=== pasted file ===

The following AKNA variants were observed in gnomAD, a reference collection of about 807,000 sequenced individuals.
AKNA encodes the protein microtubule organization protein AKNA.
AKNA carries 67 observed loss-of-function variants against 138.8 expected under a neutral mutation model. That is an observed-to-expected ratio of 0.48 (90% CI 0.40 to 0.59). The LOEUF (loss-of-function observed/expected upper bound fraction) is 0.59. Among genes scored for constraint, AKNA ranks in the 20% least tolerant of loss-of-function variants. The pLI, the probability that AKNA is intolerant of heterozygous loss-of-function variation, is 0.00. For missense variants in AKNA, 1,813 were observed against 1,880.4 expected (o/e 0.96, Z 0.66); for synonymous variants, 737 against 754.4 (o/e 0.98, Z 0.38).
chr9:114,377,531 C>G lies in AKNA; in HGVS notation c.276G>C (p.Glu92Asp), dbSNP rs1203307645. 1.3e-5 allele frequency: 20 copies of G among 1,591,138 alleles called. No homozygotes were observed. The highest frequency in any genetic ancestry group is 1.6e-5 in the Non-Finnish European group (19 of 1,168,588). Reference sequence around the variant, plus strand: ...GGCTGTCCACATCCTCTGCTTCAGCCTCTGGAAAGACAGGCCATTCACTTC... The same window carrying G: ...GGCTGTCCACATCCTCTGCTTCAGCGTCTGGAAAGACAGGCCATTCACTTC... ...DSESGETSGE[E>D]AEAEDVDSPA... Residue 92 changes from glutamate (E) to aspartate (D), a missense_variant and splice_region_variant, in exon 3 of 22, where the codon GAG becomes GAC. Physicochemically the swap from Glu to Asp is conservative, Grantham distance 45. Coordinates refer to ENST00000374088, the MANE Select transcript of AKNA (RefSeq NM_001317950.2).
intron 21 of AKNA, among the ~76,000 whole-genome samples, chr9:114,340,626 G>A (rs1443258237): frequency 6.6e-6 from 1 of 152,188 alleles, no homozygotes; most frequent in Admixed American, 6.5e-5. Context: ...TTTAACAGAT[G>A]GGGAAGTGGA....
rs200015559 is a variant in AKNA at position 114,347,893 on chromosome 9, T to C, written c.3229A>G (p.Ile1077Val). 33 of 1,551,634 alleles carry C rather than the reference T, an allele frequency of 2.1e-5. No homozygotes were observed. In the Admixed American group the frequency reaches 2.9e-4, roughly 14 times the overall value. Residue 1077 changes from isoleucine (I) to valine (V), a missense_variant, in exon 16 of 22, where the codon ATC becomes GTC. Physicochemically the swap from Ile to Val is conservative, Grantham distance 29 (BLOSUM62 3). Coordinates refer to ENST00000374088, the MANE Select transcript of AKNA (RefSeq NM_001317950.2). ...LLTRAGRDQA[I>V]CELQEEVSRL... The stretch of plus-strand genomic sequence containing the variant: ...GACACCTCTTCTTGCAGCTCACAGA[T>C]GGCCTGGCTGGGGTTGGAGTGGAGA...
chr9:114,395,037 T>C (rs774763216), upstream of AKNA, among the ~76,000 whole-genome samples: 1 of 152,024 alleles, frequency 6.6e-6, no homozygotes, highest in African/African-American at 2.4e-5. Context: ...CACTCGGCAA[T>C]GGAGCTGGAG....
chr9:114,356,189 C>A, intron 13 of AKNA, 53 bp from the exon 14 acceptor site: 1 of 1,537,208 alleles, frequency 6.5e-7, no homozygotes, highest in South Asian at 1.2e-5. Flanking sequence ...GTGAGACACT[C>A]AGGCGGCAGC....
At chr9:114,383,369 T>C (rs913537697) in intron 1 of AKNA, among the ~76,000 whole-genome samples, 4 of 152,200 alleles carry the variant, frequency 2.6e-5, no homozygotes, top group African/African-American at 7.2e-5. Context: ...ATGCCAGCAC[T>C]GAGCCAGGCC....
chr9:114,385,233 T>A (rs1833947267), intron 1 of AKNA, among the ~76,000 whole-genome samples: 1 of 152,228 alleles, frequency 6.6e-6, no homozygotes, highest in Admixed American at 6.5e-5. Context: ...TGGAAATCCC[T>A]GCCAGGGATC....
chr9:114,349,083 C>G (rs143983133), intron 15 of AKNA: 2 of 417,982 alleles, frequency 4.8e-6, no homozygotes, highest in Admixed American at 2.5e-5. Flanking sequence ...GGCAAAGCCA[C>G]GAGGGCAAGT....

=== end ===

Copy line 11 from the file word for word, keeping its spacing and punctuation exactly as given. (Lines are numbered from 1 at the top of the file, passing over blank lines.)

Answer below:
chr9:114,349,083 C>G (rs143983133), intron 15 of AKNA: 2 of 417,982 alleles, frequency 4.8e-6, no homozygotes, highest in Admixed American at 2.5e-5. Flanking sequence ...GGCAAAGCCA[C>G]GAGGGCAAGT....